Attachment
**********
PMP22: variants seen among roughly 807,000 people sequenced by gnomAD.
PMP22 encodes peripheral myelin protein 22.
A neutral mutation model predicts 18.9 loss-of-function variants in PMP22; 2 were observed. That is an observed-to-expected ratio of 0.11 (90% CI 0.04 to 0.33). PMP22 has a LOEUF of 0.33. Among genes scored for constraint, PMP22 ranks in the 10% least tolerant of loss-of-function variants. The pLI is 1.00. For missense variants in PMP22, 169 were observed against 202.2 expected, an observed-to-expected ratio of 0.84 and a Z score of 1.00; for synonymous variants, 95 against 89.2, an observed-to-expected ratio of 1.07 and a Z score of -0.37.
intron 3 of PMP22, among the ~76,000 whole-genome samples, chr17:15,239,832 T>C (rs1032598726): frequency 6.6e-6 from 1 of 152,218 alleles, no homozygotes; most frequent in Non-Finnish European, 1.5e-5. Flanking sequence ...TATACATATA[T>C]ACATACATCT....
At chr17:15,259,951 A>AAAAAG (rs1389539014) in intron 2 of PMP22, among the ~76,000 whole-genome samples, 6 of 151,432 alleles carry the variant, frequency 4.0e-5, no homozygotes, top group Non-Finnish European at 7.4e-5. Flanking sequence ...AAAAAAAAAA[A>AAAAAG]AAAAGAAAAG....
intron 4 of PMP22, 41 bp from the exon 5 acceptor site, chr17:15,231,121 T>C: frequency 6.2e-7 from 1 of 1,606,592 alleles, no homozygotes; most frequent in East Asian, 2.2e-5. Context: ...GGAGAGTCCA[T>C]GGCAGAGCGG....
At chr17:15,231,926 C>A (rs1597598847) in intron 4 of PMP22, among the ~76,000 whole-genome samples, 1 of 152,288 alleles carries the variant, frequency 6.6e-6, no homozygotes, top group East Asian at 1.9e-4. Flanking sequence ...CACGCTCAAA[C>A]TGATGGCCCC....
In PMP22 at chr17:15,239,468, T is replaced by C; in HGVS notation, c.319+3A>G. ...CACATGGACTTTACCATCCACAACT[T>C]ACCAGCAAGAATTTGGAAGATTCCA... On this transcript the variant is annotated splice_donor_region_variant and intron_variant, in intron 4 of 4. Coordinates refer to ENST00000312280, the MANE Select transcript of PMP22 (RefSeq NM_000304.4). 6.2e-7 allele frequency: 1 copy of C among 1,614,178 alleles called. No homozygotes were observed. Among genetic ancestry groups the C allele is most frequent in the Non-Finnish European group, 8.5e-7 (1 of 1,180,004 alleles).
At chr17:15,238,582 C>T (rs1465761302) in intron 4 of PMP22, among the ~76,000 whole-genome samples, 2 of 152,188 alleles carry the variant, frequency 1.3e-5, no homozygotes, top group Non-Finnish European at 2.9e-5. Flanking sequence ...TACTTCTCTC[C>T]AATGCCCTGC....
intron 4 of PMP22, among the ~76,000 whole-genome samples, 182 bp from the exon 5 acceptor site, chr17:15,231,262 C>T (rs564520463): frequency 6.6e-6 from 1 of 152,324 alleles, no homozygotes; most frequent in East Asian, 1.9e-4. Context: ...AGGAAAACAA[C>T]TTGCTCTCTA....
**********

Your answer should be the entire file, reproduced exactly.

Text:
PMP22: variants seen among roughly 807,000 people sequenced by gnomAD.
PMP22 encodes peripheral myelin protein 22.
A neutral mutation model predicts 18.9 loss-of-function variants in PMP22; 2 were observed. That is an observed-to-expected ratio of 0.11 (90% CI 0.04 to 0.33). PMP22 has a LOEUF of 0.33. Among genes scored for constraint, PMP22 ranks in the 10% least tolerant of loss-of-function variants. The pLI is 1.00. For missense variants in PMP22, 169 were observed against 202.2 expected, an observed-to-expected ratio of 0.84 and a Z score of 1.00; for synonymous variants, 95 against 89.2, an observed-to-expected ratio of 1.07 and a Z score of -0.37.
intron 3 of PMP22, among the ~76,000 whole-genome samples, chr17:15,239,832 T>C (rs1032598726): frequency 6.6e-6 from 1 of 152,218 alleles, no homozygotes; most frequent in Non-Finnish European, 1.5e-5. Flanking sequence ...TATACATATA[T>C]ACATACATCT....
At chr17:15,259,951 A>AAAAAG (rs1389539014) in intron 2 of PMP22, among the ~76,000 whole-genome samples, 6 of 151,432 alleles carry the variant, frequency 4.0e-5, no homozygotes, top group Non-Finnish European at 7.4e-5. Flanking sequence ...AAAAAAAAAA[A>AAAAAG]AAAAGAAAAG....
intron 4 of PMP22, 41 bp from the exon 5 acceptor site, chr17:15,231,121 T>C: frequency 6.2e-7 from 1 of 1,606,592 alleles, no homozygotes; most frequent in East Asian, 2.2e-5. Context: ...GGAGAGTCCA[T>C]GGCAGAGCGG....
At chr17:15,231,926 C>A (rs1597598847) in intron 4 of PMP22, among the ~76,000 whole-genome samples, 1 of 152,288 alleles carries the variant, frequency 6.6e-6, no homozygotes, top group East Asian at 1.9e-4. Flanking sequence ...CACGCTCAAA[C>A]TGATGGCCCC....
In PMP22 at chr17:15,239,468, T is replaced by C; in HGVS notation, c.319+3A>G. ...CACATGGACTTTACCATCCACAACT[T>C]ACCAGCAAGAATTTGGAAGATTCCA... On this transcript the variant is annotated splice_donor_region_variant and intron_variant, in intron 4 of 4. Coordinates refer to ENST00000312280, the MANE Select transcript of PMP22 (RefSeq NM_000304.4). 6.2e-7 allele frequency: 1 copy of C among 1,614,178 alleles called. No homozygotes were observed. Among genetic ancestry groups the C allele is most frequent in the Non-Finnish European group, 8.5e-7 (1 of 1,180,004 alleles).
At chr17:15,238,582 C>T (rs1465761302) in intron 4 of PMP22, among the ~76,000 whole-genome samples, 2 of 152,188 alleles carry the variant, frequency 1.3e-5, no homozygotes, top group Non-Finnish European at 2.9e-5. Flanking sequence ...TACTTCTCTC[C>T]AATGCCCTGC....
intron 4 of PMP22, among the ~76,000 whole-genome samples, 182 bp from the exon 5 acceptor site, chr17:15,231,262 C>T (rs564520463): frequency 6.6e-6 from 1 of 152,324 alleles, no homozygotes; most frequent in East Asian, 1.9e-4. Context: ...AGGAAAACAA[C>T]TTGCTCTCTA....